Despite losing to Samoa, Fiji again showed how far the game has come in their country with a stirring display. Credit: Robb Cox. Copyright: NRL Photos
Australia-Fijian legend Petero Civoniceva says more Test matches between emerging nations is a necessity for the game to grow outside of Australia, New Zealand and England.
The 38-year-old shocked the rugby league community when he came out of retirement on Saturday to help cover for the loss of rugby union-bound Taqele Naiyaravoro. But not even the presence of Australia's most capped forward could prevent Samoa from clinching the final spot in the Four Nations at the end of the year with a 32-16 win.
"Just having a chat to the coach about what we were going to do, the question was asked if I'd be keen," he said.
"It's one of those things you can't say no to. Obviously it would've been ideal to have a bit more game-time under my belt but honestly it was all about just getting out there with the boys and it was just great to experience it one more time."
In a week where critics questioned the validity of a representative round that puts the NRL competition on hold, Civoniceva wondered why more wasn't being done to grow the international game.
"People are entitled to their opinion. If only they can get a chance to come in and see what camps are like, see what it means to our communities, they'd see how much passion there is for rugby league," he said after the game.
"Rugby league is a massive game. It's sweeping across the Pacific islands like you wouldn't believe. In Fiji itself, rugby league's just taken off. We're seeing schools that were predominantly rugby union schools – and very good ones at that – wanting to play rugby league. These things are unheard of in the islands, in Fiji in particularly.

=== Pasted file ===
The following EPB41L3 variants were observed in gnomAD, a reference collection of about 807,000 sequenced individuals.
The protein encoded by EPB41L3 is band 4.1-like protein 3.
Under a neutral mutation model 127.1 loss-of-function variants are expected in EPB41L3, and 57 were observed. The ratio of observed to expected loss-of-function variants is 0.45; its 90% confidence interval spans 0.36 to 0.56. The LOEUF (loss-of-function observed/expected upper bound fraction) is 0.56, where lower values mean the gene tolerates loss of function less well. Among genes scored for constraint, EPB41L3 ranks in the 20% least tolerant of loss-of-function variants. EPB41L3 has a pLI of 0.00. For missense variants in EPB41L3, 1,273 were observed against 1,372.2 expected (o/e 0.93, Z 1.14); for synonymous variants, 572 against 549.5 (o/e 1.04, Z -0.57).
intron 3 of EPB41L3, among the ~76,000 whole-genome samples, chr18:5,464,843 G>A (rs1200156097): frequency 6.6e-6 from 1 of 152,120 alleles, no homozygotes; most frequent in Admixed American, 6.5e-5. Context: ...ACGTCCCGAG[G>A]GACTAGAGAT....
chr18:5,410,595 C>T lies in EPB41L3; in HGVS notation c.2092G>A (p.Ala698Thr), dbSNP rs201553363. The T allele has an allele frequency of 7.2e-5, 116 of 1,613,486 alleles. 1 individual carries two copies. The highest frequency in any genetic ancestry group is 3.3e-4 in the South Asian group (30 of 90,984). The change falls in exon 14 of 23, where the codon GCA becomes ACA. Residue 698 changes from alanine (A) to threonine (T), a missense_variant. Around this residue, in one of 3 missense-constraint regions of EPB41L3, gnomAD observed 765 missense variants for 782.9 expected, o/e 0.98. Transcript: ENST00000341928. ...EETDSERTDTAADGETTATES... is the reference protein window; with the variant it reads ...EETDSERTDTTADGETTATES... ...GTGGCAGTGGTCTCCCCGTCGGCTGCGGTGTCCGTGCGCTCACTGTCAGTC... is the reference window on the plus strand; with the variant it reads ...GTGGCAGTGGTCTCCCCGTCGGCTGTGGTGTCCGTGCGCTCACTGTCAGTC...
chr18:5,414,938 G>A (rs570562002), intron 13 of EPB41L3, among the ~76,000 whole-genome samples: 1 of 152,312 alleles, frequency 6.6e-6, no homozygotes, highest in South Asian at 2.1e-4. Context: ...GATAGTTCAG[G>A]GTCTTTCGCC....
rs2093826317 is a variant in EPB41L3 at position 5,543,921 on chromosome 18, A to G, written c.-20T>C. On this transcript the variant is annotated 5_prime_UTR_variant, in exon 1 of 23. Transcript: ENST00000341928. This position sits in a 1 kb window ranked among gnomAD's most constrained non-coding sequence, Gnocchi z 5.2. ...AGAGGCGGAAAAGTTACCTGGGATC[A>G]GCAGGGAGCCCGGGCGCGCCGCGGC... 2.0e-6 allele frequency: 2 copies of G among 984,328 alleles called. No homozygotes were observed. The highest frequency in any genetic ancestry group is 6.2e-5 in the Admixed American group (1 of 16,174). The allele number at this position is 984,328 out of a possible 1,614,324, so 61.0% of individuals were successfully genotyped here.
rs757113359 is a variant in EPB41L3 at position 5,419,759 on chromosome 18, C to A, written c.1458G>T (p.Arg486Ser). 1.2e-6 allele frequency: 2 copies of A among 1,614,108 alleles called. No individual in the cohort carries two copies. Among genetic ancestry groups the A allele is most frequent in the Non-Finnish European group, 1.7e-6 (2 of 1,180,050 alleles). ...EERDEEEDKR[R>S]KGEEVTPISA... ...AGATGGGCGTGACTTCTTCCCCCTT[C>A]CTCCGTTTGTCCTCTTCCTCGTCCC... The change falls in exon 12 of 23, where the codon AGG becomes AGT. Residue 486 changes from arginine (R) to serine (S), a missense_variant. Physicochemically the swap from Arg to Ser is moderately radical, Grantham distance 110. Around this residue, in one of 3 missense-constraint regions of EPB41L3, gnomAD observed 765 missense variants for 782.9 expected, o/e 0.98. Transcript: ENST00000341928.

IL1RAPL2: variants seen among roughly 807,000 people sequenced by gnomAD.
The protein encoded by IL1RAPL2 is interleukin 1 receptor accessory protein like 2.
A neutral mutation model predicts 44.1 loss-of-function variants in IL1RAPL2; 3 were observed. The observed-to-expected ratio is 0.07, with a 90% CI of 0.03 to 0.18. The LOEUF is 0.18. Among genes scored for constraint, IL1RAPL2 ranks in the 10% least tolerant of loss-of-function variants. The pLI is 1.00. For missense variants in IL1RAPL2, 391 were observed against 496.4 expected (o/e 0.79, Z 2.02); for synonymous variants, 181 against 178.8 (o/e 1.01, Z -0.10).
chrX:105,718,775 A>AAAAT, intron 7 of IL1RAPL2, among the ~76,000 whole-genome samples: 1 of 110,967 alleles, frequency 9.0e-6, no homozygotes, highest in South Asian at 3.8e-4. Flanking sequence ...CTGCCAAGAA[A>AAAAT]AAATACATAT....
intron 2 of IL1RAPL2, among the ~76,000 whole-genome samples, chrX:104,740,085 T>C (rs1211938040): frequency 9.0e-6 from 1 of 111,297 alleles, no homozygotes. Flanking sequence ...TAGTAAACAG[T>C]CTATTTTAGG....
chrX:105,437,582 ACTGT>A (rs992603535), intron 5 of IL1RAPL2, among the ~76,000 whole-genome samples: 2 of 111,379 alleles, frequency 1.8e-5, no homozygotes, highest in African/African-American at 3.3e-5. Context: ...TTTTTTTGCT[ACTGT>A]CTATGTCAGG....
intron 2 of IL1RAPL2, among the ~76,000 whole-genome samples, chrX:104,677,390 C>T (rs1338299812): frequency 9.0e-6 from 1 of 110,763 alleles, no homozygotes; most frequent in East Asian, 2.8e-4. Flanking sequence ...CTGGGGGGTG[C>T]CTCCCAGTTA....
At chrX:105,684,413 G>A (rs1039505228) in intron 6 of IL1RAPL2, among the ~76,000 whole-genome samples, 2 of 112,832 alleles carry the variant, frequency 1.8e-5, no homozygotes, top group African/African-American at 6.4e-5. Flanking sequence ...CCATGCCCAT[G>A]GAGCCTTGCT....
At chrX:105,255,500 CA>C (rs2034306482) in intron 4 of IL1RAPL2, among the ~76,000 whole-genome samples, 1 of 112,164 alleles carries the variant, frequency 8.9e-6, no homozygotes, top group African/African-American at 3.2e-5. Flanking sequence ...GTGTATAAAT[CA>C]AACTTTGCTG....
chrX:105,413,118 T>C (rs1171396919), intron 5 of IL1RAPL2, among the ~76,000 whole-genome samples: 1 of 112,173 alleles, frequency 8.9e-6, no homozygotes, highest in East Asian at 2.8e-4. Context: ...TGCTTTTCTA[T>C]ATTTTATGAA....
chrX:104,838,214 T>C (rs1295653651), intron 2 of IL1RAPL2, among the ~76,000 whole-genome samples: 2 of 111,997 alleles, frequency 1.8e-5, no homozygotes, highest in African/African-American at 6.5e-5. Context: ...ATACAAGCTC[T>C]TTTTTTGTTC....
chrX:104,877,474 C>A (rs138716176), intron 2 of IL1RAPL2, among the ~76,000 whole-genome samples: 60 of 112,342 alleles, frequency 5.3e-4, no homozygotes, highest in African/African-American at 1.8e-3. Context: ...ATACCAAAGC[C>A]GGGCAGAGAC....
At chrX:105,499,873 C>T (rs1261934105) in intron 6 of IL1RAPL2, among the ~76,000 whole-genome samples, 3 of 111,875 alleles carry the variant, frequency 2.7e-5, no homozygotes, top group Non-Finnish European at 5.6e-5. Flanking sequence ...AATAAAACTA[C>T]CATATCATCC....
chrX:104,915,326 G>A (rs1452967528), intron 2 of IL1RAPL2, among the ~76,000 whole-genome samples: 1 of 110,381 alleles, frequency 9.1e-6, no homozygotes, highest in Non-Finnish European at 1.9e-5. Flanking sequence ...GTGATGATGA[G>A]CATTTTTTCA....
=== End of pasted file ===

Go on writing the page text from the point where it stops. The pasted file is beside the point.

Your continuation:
"So why not keep running with this? Let's keep building it, let's keep boosting it by having more regular Test matches and more development officers going out to the island nations."
While admitting that the NRL was a priority here in Australia, the former Bronco said the boisterous crowd of 9,063 showed there was a need to expand the game beyond its current borders.
"Hopefully we're going to see more games, more opportunities. Hopefully the game, the NRL and the international game will provide more opportunities for developing nations to continue to have regular Test matches," he said.
"When we talk about wanting to grow the game, it's an absolute necessity. As you can see, the amount of support, the amount of players that we have from these countries that are willing to put their hand up and play for their countries, we've got to do it.
"Obviously we focus a lot on the NRL, but there's a love for rugby league beyond these borders. So it's important that we keep encouraging that growth of the game and doing our bit to encourage it."